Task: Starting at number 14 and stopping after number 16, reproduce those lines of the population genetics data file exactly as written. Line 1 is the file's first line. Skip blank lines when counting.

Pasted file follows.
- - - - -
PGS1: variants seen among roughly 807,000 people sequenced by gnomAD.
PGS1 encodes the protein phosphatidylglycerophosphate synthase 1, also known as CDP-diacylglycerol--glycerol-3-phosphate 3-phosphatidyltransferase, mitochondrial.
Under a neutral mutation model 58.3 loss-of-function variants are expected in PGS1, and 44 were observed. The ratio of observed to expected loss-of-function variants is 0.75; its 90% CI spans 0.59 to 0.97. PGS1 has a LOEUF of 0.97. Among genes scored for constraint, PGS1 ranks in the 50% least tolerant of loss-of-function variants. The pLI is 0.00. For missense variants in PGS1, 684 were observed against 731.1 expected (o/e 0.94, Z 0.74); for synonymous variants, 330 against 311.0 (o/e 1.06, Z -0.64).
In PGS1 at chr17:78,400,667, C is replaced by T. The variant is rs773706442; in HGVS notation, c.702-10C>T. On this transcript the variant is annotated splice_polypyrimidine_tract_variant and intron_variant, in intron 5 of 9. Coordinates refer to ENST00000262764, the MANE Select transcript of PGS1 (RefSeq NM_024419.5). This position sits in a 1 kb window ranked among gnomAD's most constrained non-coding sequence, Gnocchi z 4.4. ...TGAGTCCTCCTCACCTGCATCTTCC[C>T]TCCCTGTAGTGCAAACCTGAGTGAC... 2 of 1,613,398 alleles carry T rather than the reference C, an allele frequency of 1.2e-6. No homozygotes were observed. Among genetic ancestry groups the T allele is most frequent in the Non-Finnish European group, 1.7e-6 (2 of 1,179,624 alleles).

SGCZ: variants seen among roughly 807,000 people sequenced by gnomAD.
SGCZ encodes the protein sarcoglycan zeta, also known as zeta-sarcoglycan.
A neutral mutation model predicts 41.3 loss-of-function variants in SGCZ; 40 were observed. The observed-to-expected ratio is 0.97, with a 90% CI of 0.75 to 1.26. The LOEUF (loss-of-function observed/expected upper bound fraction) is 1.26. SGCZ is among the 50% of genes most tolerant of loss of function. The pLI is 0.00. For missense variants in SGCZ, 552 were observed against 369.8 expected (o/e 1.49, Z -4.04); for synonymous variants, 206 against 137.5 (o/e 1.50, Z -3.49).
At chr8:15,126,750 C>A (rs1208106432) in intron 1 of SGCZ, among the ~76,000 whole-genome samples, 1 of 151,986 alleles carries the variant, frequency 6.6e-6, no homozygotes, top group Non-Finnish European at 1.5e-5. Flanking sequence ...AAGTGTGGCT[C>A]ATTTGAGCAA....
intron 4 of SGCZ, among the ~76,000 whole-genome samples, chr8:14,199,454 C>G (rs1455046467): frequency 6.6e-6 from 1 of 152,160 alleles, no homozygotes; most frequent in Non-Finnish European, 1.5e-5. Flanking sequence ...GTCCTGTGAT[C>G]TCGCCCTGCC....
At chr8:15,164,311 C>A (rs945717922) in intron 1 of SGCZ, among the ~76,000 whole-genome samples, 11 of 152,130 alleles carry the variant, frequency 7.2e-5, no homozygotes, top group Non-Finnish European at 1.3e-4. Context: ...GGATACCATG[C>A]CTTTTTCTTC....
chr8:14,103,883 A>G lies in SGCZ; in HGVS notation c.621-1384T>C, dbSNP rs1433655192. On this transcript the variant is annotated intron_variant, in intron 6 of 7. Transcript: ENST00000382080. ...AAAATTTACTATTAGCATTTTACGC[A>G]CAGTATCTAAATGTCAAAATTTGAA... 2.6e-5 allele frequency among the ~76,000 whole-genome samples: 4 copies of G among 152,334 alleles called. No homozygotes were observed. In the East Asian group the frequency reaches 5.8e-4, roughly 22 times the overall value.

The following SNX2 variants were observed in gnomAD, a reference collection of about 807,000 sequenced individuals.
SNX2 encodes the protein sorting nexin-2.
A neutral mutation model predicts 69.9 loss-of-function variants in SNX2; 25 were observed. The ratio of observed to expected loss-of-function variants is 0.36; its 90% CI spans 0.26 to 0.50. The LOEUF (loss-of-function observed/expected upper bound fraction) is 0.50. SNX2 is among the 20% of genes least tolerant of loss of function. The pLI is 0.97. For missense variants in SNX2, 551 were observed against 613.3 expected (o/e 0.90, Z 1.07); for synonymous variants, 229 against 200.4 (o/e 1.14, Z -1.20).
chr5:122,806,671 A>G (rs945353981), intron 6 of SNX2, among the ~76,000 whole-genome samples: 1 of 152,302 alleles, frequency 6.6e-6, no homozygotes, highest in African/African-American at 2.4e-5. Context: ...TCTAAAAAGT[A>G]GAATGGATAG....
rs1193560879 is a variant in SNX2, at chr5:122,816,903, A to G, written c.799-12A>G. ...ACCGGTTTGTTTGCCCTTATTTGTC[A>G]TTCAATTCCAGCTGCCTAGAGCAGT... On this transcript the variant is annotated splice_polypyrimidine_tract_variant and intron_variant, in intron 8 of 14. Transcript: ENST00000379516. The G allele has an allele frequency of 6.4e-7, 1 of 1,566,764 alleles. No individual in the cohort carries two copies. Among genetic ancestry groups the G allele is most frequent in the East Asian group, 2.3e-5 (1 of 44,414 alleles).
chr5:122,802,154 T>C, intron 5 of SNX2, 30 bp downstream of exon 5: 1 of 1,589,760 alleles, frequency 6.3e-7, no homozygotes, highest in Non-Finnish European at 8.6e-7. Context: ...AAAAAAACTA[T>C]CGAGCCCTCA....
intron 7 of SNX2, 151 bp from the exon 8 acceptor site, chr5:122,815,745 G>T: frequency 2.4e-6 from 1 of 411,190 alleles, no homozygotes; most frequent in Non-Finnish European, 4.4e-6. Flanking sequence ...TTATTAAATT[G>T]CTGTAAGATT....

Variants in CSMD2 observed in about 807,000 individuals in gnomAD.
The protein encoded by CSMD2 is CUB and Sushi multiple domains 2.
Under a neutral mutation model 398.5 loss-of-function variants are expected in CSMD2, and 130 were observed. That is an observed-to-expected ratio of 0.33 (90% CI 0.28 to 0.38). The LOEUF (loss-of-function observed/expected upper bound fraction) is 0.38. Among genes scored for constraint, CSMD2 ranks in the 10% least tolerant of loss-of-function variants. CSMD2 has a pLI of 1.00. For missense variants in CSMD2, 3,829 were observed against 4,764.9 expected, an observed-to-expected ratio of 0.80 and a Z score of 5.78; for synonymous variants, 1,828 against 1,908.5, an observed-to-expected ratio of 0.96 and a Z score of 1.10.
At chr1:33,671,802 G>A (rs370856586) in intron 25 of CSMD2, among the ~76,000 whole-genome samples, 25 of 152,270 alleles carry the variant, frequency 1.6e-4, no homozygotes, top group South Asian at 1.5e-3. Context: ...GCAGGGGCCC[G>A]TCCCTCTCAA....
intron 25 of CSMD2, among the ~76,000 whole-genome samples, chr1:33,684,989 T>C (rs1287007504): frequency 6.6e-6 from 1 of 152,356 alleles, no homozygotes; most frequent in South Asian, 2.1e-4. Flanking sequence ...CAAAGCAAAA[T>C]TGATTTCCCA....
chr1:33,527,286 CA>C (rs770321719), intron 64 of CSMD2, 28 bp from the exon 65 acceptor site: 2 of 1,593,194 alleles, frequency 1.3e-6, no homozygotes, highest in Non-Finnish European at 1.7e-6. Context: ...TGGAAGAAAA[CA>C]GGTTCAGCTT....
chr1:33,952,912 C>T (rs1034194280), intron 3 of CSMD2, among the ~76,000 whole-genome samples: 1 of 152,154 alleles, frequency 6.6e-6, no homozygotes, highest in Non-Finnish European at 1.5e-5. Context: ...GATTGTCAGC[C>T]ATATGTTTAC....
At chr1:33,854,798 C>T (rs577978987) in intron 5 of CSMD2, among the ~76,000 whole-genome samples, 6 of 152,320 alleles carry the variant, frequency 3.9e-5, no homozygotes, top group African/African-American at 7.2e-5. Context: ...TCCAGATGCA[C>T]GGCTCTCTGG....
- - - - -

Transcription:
A neutral mutation model predicts 69.9 loss-of-function variants in SNX2; 25 were observed. The ratio of observed to expected loss-of-function variants is 0.36; its 90% CI spans 0.26 to 0.50. The LOEUF (loss-of-function observed/expected upper bound fraction) is 0.50. SNX2 is among the 20% of genes least tolerant of loss of function. The pLI is 0.97. For missense variants in SNX2, 551 were observed against 613.3 expected (o/e 0.90, Z 1.07); for synonymous variants, 229 against 200.4 (o/e 1.14, Z -1.20).
chr5:122,806,671 A>G (rs945353981), intron 6 of SNX2, among the ~76,000 whole-genome samples: 1 of 152,302 alleles, frequency 6.6e-6, no homozygotes, highest in African/African-American at 2.4e-5. Context: ...TCTAAAAAGT[A>G]GAATGGATAG....
rs1193560879 is a variant in SNX2, at chr5:122,816,903, A to G, written c.799-12A>G. ...ACCGGTTTGTTTGCCCTTATTTGTC[A>G]TTCAATTCCAGCTGCCTAGAGCAGT... On this transcript the variant is annotated splice_polypyrimidine_tract_variant and intron_variant, in intron 8 of 14. Transcript: ENST00000379516. The G allele has an allele frequency of 6.4e-7, 1 of 1,566,764 alleles. No individual in the cohort carries two copies. Among genetic ancestry groups the G allele is most frequent in the East Asian group, 2.3e-5 (1 of 44,414 alleles).